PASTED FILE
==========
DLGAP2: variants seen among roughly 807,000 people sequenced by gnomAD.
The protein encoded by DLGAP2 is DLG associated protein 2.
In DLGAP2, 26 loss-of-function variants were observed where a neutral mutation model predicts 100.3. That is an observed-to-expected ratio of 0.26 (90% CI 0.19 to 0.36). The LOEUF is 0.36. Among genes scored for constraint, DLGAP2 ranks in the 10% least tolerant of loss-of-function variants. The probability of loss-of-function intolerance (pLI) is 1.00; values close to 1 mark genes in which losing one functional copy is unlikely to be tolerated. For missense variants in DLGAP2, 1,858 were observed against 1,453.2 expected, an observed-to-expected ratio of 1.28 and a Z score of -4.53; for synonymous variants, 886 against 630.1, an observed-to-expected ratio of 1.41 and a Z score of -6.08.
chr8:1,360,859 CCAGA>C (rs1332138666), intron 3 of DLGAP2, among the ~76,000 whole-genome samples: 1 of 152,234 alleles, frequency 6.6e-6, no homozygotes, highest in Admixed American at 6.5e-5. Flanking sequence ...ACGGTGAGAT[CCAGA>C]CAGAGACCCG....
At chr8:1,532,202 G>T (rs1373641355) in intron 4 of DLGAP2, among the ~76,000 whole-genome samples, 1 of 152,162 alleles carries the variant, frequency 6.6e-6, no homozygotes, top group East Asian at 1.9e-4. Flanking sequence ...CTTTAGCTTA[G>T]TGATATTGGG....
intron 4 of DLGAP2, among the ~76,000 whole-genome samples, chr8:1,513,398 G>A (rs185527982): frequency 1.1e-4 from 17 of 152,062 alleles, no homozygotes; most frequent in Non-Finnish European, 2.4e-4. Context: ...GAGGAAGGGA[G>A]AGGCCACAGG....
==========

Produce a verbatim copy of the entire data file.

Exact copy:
DLGAP2: variants seen among roughly 807,000 people sequenced by gnomAD.
The protein encoded by DLGAP2 is DLG associated protein 2.
In DLGAP2, 26 loss-of-function variants were observed where a neutral mutation model predicts 100.3. That is an observed-to-expected ratio of 0.26 (90% CI 0.19 to 0.36). The LOEUF is 0.36. Among genes scored for constraint, DLGAP2 ranks in the 10% least tolerant of loss-of-function variants. The probability of loss-of-function intolerance (pLI) is 1.00; values close to 1 mark genes in which losing one functional copy is unlikely to be tolerated. For missense variants in DLGAP2, 1,858 were observed against 1,453.2 expected, an observed-to-expected ratio of 1.28 and a Z score of -4.53; for synonymous variants, 886 against 630.1, an observed-to-expected ratio of 1.41 and a Z score of -6.08.
chr8:1,360,859 CCAGA>C (rs1332138666), intron 3 of DLGAP2, among the ~76,000 whole-genome samples: 1 of 152,234 alleles, frequency 6.6e-6, no homozygotes, highest in Admixed American at 6.5e-5. Flanking sequence ...ACGGTGAGAT[CCAGA>C]CAGAGACCCG....
At chr8:1,532,202 G>T (rs1373641355) in intron 4 of DLGAP2, among the ~76,000 whole-genome samples, 1 of 152,162 alleles carries the variant, frequency 6.6e-6, no homozygotes, top group East Asian at 1.9e-4. Flanking sequence ...CTTTAGCTTA[G>T]TGATATTGGG....
intron 4 of DLGAP2, among the ~76,000 whole-genome samples, chr8:1,513,398 G>A (rs185527982): frequency 1.1e-4 from 17 of 152,062 alleles, no homozygotes; most frequent in Non-Finnish European, 2.4e-4. Context: ...GAGGAAGGGA[G>A]AGGCCACAGG....